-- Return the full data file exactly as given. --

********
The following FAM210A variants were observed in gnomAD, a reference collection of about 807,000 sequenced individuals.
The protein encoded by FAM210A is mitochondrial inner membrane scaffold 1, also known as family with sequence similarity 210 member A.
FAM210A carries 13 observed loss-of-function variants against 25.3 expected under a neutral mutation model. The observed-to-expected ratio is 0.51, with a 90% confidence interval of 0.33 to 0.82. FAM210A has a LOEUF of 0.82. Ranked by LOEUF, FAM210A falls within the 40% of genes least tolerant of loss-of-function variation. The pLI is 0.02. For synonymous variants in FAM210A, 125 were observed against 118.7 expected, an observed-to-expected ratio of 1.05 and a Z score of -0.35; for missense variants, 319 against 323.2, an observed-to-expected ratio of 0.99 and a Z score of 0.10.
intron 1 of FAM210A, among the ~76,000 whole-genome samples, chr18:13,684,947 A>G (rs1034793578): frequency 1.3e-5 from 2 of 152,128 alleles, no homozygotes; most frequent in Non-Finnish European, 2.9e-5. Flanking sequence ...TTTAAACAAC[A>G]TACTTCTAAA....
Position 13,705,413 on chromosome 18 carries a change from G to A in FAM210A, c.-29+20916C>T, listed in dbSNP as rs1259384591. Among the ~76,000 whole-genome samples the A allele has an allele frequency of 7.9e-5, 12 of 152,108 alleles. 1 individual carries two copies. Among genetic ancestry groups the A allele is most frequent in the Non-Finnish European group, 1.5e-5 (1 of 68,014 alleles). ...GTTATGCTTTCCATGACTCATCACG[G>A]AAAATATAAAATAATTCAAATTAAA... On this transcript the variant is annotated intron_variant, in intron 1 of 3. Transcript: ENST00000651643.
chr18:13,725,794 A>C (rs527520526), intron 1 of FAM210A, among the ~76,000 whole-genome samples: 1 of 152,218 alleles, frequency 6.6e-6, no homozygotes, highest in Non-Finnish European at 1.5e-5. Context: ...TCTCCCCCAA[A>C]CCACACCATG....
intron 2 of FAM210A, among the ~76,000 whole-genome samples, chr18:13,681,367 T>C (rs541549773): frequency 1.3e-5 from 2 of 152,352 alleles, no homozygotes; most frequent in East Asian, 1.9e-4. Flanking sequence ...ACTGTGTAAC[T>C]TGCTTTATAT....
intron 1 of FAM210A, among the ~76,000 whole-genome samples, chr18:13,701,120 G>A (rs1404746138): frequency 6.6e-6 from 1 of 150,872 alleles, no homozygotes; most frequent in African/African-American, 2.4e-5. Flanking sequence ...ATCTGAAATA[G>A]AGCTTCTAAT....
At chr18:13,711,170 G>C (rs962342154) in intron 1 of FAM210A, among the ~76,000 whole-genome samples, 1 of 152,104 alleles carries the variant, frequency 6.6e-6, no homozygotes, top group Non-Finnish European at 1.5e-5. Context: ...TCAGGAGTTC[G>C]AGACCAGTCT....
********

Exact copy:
The following FAM210A variants were observed in gnomAD, a reference collection of about 807,000 sequenced individuals.
The protein encoded by FAM210A is mitochondrial inner membrane scaffold 1, also known as family with sequence similarity 210 member A.
FAM210A carries 13 observed loss-of-function variants against 25.3 expected under a neutral mutation model. The observed-to-expected ratio is 0.51, with a 90% confidence interval of 0.33 to 0.82. FAM210A has a LOEUF of 0.82. Ranked by LOEUF, FAM210A falls within the 40% of genes least tolerant of loss-of-function variation. The pLI is 0.02. For synonymous variants in FAM210A, 125 were observed against 118.7 expected, an observed-to-expected ratio of 1.05 and a Z score of -0.35; for missense variants, 319 against 323.2, an observed-to-expected ratio of 0.99 and a Z score of 0.10.
intron 1 of FAM210A, among the ~76,000 whole-genome samples, chr18:13,684,947 A>G (rs1034793578): frequency 1.3e-5 from 2 of 152,128 alleles, no homozygotes; most frequent in Non-Finnish European, 2.9e-5. Flanking sequence ...TTTAAACAAC[A>G]TACTTCTAAA....
Position 13,705,413 on chromosome 18 carries a change from G to A in FAM210A, c.-29+20916C>T, listed in dbSNP as rs1259384591. Among the ~76,000 whole-genome samples the A allele has an allele frequency of 7.9e-5, 12 of 152,108 alleles. 1 individual carries two copies. Among genetic ancestry groups the A allele is most frequent in the Non-Finnish European group, 1.5e-5 (1 of 68,014 alleles). ...GTTATGCTTTCCATGACTCATCACG[G>A]AAAATATAAAATAATTCAAATTAAA... On this transcript the variant is annotated intron_variant, in intron 1 of 3. Transcript: ENST00000651643.
chr18:13,725,794 A>C (rs527520526), intron 1 of FAM210A, among the ~76,000 whole-genome samples: 1 of 152,218 alleles, frequency 6.6e-6, no homozygotes, highest in Non-Finnish European at 1.5e-5. Context: ...TCTCCCCCAA[A>C]CCACACCATG....
intron 2 of FAM210A, among the ~76,000 whole-genome samples, chr18:13,681,367 T>C (rs541549773): frequency 1.3e-5 from 2 of 152,352 alleles, no homozygotes; most frequent in East Asian, 1.9e-4. Flanking sequence ...ACTGTGTAAC[T>C]TGCTTTATAT....
intron 1 of FAM210A, among the ~76,000 whole-genome samples, chr18:13,701,120 G>A (rs1404746138): frequency 6.6e-6 from 1 of 150,872 alleles, no homozygotes; most frequent in African/African-American, 2.4e-5. Flanking sequence ...ATCTGAAATA[G>A]AGCTTCTAAT....
At chr18:13,711,170 G>C (rs962342154) in intron 1 of FAM210A, among the ~76,000 whole-genome samples, 1 of 152,104 alleles carries the variant, frequency 6.6e-6, no homozygotes, top group Non-Finnish European at 1.5e-5. Context: ...TCAGGAGTTC[G>C]AGACCAGTCT....